The blue-shaded circular entities labeled “IOT1”, “IOT2”, “Spark-perf” in the left-hand navigation pane represent vSphere Resource Pools – these allow us to separate one Spark cluster from another in terms of the memory and CPU resources they are allowed to use. A vSphere resource pool can be limited in how much of these resources it can supply to its resident virtual machines, from the total physical machine resources of the cluster.

The items within those resource pools with green arrows are running virtual machines that are executing the Driver, Worker and Executor processes from Apache Spark at various versions. There are actually four different versions of Spark in use in our configurations. We are using

  • Apache Spark versions 2.1 and 2.2 for the IoT model training and execution work;
  • A vendor’s Spark 2.3 version for separate SQL-based analytics work;
  • Apache Spark version 1.6.3 (an older version) for some other unrelated cluster sizing tests based on a Spark-Perf suite that we wanted to execute.

The separate virtual machines containing Spark at version 2.3.0 were used for executing Spark SQL queries against a pre-installed dataset. These various versions of the runtime platform are all executing independent workloads of a different nature.

More details on the IoT streaming data suite and tests done can be found in a separate article here:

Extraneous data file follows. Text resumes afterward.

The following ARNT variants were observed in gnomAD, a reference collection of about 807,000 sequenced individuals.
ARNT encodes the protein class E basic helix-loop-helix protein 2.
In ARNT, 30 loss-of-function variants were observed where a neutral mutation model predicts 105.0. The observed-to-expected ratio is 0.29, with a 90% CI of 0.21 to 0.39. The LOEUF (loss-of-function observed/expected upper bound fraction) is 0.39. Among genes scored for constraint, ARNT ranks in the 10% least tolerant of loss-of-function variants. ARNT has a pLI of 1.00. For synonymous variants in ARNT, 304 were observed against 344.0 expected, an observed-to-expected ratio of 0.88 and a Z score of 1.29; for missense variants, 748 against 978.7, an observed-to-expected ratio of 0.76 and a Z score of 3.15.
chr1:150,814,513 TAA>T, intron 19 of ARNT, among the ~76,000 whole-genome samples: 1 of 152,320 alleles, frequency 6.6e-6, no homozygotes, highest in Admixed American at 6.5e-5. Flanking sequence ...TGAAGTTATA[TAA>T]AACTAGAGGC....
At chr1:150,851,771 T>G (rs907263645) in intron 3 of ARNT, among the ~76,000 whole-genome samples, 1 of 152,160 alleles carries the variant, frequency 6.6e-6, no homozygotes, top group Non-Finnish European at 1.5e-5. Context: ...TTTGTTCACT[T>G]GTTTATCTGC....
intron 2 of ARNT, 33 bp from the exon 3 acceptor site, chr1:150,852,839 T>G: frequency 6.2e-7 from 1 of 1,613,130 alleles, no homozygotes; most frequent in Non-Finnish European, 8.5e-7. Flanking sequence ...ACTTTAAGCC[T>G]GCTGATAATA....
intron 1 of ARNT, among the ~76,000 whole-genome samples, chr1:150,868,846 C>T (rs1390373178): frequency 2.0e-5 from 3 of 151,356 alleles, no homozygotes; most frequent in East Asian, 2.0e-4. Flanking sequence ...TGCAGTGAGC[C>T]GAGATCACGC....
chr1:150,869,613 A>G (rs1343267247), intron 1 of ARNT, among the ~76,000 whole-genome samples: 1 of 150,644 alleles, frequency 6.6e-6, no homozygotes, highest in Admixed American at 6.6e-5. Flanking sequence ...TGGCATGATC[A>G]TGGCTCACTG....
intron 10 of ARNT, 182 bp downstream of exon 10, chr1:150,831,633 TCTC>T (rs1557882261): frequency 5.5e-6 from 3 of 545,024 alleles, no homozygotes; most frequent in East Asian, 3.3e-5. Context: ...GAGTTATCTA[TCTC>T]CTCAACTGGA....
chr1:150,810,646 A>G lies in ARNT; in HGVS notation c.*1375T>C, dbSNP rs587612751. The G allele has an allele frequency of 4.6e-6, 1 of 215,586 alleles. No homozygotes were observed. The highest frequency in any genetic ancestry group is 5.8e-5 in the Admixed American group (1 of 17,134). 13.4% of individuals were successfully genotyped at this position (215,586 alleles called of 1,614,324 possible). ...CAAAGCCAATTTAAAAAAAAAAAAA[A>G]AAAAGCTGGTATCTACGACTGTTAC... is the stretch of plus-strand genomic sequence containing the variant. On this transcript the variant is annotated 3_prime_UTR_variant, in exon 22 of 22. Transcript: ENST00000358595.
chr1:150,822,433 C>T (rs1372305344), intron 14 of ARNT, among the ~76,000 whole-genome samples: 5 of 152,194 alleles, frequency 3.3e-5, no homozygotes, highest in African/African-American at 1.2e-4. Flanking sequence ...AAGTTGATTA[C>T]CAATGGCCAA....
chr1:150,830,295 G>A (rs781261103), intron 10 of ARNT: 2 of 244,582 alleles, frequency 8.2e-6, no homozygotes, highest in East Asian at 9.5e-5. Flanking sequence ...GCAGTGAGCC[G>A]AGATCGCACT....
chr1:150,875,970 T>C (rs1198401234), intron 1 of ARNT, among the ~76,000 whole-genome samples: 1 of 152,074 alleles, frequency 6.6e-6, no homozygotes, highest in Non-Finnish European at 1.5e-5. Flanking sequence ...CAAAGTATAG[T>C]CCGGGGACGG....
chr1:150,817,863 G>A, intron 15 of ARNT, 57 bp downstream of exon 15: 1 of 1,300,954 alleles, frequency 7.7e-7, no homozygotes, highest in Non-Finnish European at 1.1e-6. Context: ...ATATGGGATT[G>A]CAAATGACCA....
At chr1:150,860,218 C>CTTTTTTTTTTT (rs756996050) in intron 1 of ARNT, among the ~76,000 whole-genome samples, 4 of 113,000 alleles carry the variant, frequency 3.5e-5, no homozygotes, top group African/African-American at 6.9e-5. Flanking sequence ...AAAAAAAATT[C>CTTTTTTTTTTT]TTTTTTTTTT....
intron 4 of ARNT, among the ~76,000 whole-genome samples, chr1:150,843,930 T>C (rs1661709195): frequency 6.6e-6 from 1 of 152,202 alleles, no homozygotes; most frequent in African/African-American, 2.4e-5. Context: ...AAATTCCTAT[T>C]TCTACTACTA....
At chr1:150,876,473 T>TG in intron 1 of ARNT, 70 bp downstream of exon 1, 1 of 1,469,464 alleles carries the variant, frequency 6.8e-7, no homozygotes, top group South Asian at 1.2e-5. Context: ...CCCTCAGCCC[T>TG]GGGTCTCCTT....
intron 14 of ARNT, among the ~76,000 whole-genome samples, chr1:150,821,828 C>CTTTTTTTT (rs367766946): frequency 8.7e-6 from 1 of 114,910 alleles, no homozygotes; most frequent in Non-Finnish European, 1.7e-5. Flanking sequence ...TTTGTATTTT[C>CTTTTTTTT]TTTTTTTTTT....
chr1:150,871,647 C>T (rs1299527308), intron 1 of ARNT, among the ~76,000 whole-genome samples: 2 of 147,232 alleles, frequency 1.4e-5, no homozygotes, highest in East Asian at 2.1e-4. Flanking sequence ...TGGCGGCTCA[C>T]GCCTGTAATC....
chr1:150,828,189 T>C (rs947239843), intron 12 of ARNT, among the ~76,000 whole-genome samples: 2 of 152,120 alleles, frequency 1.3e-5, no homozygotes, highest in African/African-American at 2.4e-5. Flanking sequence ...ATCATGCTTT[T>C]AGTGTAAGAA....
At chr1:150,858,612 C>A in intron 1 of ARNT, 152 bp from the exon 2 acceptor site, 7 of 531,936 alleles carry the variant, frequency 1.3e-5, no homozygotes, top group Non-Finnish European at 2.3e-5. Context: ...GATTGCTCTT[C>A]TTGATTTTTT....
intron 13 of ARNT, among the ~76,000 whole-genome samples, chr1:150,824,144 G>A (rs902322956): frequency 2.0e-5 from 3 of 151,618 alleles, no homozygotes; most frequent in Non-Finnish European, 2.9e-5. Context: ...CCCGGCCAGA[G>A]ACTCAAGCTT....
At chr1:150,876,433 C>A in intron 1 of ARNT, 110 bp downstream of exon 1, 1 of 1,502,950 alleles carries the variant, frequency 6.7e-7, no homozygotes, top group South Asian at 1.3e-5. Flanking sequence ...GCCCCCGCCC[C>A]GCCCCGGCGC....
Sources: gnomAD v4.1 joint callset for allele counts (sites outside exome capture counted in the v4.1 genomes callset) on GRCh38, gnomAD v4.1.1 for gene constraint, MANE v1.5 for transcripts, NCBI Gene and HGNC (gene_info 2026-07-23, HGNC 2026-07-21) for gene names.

This is one example of the insulation from version differences that the virtualization platform provides in a much easier fashion that a physical implementation model would. For example, the particular test suite that we used on Apache Spark version 1.6.3 happened to use some older API calls that were no longer supported in later versions, so having this entire toolkit in virtualized form allowed us to continue working with the older version, until the test kit programs are eventually changed. This is not an uncommon scenario that is in part due to the pace of innovation for the platforms mentioned earlier.

Other Workloads

We also wanted to try out some example programs written to leverage the TensorFlow platform by running them in a separate experiment. We set up yet another resource pool for that purpose and executed TensorFlow using Python there. If we had had GPUs available to this cluster, we could have made use of virtualized GPUs as well, independently of all other workloads. Setting your virtualized environment up for GPU use is documented here.